In that crowd in front of the pub, and all along the route, there were “Boston Strong” T-shirts and banners, and variants on the theme: “Boston Strong/Keep Calm and Marathon,” “Still Boston Strong,” “Dorchester Strong,” “You R Strong,” and on and on.
In a few places, signs said simply, “Lingzi/Sean/Krystle/Martin,” and everyone knew what they meant.
From the roof of a white clapboard house in Ashland, a young woman held a poster boisterously paraphrasing David Ortiz: “THIS IS YOUR F’N MARATHON.” Beside her, a woman in sunglasses held one that said “Boston,” with an arrow pointing east.
There were personal signs (“Go Mrs. Berkowitz,” “Kujo Let’s Do This!”) and locally accented signs (“Wicked Hahd But You Got This!”, in Natick Center) and signs evoking Internet memes, like the “hey girl . . . you’re almost there” sign featuring a picture of Ryan Gosling — on the approach to Heartbreak Hill, no less.
At Wellesley, the famed “Scream Tunnel” included undergrads holding all manner of “Kiss Me” posters (“Kiss Me ... I’m a Rebel,” “... I’m a Redhead,” “... I’m Khaleesi,” a “Game of Thrones” character) and cupping their hands over their mouths like megaphones and leaning over the railing to plant one on a runner.
Festive feelings commingled with memorial feelings everywhere. On Commonwealth Avenue in Newton, two homes had “Boston Strong” banners and children’s bounce castles in the front yard.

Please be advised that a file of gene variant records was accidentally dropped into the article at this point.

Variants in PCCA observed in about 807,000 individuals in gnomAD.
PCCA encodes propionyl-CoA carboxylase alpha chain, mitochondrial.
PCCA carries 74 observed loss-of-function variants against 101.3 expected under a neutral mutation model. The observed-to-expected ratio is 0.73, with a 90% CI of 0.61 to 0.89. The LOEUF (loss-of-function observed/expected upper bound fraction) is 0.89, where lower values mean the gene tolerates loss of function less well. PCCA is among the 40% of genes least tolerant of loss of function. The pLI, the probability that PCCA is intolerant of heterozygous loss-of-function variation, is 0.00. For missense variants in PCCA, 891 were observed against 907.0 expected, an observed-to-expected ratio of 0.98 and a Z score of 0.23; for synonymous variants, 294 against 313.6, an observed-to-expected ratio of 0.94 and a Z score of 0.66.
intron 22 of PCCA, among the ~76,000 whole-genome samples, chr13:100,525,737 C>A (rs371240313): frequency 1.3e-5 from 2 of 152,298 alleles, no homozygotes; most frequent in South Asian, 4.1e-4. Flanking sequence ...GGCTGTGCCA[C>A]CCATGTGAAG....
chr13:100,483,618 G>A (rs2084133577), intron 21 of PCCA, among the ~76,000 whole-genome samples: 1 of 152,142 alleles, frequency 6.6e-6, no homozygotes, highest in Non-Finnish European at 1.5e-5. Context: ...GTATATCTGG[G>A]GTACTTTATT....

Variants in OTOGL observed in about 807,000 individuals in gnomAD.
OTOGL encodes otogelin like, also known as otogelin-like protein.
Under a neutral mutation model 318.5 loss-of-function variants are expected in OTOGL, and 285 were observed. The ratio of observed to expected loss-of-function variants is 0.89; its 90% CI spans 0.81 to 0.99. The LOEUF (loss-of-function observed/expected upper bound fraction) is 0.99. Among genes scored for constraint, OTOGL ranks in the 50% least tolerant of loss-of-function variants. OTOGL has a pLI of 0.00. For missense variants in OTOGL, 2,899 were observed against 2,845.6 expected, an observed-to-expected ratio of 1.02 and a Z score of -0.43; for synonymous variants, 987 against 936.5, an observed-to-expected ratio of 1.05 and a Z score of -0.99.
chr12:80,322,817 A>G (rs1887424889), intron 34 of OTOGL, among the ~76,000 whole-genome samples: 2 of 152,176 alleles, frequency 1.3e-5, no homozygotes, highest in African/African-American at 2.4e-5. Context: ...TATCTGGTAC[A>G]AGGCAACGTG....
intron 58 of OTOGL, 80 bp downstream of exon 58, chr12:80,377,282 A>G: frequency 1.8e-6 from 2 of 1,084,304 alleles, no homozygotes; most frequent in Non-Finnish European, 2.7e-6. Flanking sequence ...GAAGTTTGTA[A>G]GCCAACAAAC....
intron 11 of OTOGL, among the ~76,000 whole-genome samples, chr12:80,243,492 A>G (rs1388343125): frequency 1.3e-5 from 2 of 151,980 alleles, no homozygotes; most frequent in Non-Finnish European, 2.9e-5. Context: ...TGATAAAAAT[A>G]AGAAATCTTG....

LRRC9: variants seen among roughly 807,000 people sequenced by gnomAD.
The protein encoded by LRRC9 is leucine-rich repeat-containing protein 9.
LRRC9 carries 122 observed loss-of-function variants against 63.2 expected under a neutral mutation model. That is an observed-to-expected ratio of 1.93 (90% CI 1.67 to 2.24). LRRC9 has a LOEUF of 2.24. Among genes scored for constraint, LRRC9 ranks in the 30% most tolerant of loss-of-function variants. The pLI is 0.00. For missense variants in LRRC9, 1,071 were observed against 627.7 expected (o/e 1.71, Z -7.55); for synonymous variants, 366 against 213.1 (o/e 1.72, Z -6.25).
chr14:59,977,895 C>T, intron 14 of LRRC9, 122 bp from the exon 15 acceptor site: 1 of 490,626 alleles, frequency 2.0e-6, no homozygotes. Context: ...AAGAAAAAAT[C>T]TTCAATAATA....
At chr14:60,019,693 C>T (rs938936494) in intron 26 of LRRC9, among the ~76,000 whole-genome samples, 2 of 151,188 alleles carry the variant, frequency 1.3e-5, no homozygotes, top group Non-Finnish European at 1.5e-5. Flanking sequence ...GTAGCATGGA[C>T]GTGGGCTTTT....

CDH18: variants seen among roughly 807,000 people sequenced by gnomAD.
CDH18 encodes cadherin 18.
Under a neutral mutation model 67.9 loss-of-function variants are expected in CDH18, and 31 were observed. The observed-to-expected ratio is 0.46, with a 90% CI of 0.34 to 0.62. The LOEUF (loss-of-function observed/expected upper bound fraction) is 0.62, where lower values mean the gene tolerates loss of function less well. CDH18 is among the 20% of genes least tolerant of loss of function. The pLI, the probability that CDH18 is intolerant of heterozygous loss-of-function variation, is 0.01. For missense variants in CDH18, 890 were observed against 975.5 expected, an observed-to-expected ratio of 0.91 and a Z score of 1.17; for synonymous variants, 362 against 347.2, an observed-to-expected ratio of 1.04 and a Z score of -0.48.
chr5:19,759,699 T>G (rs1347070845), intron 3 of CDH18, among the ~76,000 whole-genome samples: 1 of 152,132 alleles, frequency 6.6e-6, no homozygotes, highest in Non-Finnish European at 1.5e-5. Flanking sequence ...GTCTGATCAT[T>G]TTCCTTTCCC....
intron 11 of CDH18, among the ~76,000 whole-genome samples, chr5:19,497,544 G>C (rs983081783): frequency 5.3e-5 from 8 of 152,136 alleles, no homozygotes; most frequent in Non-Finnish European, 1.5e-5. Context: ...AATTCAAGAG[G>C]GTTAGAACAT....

By Boston College, the young women cheering in “For Boston” tank tops, the last O in Boston formed by a memorial ribbon.
That blend was especially true in Hopkinton and on Boylston, but in both places, still, joy seemed to overwhelm sadness.
At the start in Hopkinton, Beyonce and Lady Gaga blasted from the speakers. A man in a colonial tricorn hat approached Main Street from the Town Common, holding a Marathon bib. Near the fountain, a disabled Vietnam veteran named Bill Foreman was trying to buy a number to gain last-minute entry after driving all night from Roanoke, Va. Tiny American flags poked up from his socks.
“I’m patriotic,” he said solemnly, explaining that he was drawn to Boston for the same reason he was pulled to Lower Manhattan after the attacks of Sept. 11. But he was also charmed by what he read about the atmosphere of the race; he hoped to finish with a lobster roll, and he smiled about the young women at Wellesley and their famed “kiss me” signs.
Twenty-six miles later, it was hard not to think of the home stretch as one long symbol — bracketed by the firehouse and the finish line, the pavement in between having seen so much suffering and chaos.
But that was not the first thing that hit you coming around the bend off of Hereford Street; it was the wall of faces up and down Boylston, the cowbells, and one long rumbling cheer.
More from the 2014 Boston Marathon — Cullen: Just like the days we used to know | Gasper: Boston reclaims its Marathon | Photos: Marathon scenes | The ‘Scream Tunnel’ and Heartbreak Hill | The elite runners | Boylston Street | Videos from the Marathon | Full coverageGlobe correspondent Jeremy C. Fox and Meghan E. Irons and Kathy McCabe of the Globe staff contributed to this report. Eric Moskowitz can be reached at firstname.lastname@example.org. Follow him on Twitter @GlobeMoskowitz